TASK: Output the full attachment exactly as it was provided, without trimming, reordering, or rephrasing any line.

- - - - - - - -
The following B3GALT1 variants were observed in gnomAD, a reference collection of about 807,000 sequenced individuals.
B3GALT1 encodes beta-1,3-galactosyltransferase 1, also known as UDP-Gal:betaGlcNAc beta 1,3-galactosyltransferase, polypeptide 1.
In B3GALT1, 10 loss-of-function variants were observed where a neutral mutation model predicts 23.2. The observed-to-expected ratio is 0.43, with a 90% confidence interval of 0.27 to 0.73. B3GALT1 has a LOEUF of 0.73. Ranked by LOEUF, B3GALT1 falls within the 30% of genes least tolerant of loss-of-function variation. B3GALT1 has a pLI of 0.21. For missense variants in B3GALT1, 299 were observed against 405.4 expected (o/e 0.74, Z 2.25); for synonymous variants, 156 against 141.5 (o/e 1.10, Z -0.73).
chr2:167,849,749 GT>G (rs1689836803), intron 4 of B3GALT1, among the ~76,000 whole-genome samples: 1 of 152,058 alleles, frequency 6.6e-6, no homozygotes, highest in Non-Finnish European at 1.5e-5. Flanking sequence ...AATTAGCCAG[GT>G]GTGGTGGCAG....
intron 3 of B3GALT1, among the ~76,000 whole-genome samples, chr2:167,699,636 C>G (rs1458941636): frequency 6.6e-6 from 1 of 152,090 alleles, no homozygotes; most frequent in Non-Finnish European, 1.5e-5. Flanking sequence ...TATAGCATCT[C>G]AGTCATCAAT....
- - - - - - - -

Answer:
The following B3GALT1 variants were observed in gnomAD, a reference collection of about 807,000 sequenced individuals.
B3GALT1 encodes beta-1,3-galactosyltransferase 1, also known as UDP-Gal:betaGlcNAc beta 1,3-galactosyltransferase, polypeptide 1.
In B3GALT1, 10 loss-of-function variants were observed where a neutral mutation model predicts 23.2. The observed-to-expected ratio is 0.43, with a 90% confidence interval of 0.27 to 0.73. B3GALT1 has a LOEUF of 0.73. Ranked by LOEUF, B3GALT1 falls within the 30% of genes least tolerant of loss-of-function variation. B3GALT1 has a pLI of 0.21. For missense variants in B3GALT1, 299 were observed against 405.4 expected (o/e 0.74, Z 2.25); for synonymous variants, 156 against 141.5 (o/e 1.10, Z -0.73).
chr2:167,849,749 GT>G (rs1689836803), intron 4 of B3GALT1, among the ~76,000 whole-genome samples: 1 of 152,058 alleles, frequency 6.6e-6, no homozygotes, highest in Non-Finnish European at 1.5e-5. Flanking sequence ...AATTAGCCAG[GT>G]GTGGTGGCAG....
intron 3 of B3GALT1, among the ~76,000 whole-genome samples, chr2:167,699,636 C>G (rs1458941636): frequency 6.6e-6 from 1 of 152,090 alleles, no homozygotes; most frequent in Non-Finnish European, 1.5e-5. Flanking sequence ...TATAGCATCT[C>G]AGTCATCAAT....